Ziklag experiences… Everyone has them.
We all have days when trouble comes in threes right after amazing victory.
We all have days when we are attacked from all sides. This is life!
We all have days when the people that we trust fall away from us in the battle.
We all experience those moments of betrayal when we hear people murmur and question our decisions.
These are Ziklag days.
As you read the narrative, put yourself in David’s sandals. Questioned, doubted, David became a scapegoat for all that was evil, unjust and wicked in the world. What a horrible place to be! But David had a strategy for this day in Ziklag. For the people who doubt the relevance of biblical narratives, I would invite them to cross into the unincorporated village of Ziklag and look into the eyes of God’s anointed one- David of Bethlehem.
What are some lessons we can learn from this scene in the sordid story of David? There are so many! Here are a three:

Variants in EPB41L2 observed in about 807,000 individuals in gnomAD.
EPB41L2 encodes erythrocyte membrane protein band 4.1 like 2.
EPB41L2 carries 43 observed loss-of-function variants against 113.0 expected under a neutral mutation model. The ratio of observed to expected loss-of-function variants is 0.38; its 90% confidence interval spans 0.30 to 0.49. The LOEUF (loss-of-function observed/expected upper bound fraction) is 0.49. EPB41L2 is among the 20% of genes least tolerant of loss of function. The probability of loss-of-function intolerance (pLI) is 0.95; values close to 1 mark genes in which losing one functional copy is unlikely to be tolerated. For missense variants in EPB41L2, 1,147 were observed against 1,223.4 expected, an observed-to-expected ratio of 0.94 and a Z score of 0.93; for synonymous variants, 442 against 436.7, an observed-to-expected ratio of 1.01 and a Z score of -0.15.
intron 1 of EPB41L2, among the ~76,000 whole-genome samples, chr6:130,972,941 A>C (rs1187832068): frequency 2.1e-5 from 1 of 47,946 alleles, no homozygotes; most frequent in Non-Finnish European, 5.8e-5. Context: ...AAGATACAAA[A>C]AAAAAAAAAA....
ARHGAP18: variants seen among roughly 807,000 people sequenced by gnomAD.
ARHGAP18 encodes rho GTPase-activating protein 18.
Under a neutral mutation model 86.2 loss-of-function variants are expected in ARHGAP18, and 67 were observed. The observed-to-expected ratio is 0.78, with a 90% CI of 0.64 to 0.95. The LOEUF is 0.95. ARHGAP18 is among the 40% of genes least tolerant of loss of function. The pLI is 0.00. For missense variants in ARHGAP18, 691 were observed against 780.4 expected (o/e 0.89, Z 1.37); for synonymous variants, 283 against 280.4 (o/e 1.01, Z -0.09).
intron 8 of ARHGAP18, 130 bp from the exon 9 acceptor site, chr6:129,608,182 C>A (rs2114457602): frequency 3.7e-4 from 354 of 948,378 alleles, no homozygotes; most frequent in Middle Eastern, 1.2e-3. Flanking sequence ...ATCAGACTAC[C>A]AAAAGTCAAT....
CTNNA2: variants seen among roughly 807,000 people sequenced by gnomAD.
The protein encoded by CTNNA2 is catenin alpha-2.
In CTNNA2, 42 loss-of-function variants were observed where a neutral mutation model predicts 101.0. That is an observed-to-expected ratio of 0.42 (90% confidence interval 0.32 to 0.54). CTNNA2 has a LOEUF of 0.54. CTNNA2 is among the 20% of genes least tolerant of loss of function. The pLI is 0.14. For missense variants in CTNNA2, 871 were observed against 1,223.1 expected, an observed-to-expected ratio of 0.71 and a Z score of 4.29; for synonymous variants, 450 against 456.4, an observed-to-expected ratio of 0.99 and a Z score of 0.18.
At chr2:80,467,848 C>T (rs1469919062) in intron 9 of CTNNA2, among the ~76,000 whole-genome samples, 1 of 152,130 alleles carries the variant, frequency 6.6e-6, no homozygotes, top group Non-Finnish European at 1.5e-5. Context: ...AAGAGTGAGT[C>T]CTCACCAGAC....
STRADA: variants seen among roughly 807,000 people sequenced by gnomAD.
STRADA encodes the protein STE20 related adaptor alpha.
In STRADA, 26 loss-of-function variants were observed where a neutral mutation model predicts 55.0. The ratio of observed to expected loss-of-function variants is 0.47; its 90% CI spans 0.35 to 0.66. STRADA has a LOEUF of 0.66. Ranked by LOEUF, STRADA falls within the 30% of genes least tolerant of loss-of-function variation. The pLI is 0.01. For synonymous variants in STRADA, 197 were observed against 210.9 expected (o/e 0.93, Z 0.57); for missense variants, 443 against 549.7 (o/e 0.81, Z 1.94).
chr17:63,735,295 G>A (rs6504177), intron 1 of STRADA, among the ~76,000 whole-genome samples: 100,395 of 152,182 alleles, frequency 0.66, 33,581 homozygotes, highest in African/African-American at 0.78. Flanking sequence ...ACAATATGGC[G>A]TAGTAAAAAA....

To get the victory when no one is in your corner, you’d better learn how to find strength in the Lord.
(Verse 6) The King James Version is strong: “But David encouraged himself in the Lord.” There will be times when we have to preach to ourselves. When all seems to be lost and we’re on the back-alley road of abandonment, we have to know how to encourage and strengthen ourselves.
Not everyone who starts with you in a battle will be by your side at the end.
Not everyone in your world has the capacity to finish. (verse 9) It’s hard to see the people which whom you’ve rejoiced, wept, prayed, and struggled suddenly leave you. It’s just life. It happens. People give up, give out, and lose hope. But this is when you have to say “adios” and keep on going.
To experience the victory, you’ve got to keep going.
Winston Churchill said it best: “Success is the ability to go from one success to another with no loss of enthusiasm.” We can’t lose our zeal for the fight despite what others around us are doing. (What a great lesson for our kids!)
Friend, as you study and/or teach this powerful story, think about times when you personally had a Ziklag experience. What was it?
- A job loss?
- A false accusation?
- A family betrayal?
Perhaps the connection you share with your group will encourage someone who is in the midst of adversity. They just might find themselves in the story. Your willingness to be vulnerable just might bring the Bible to life this Sunday.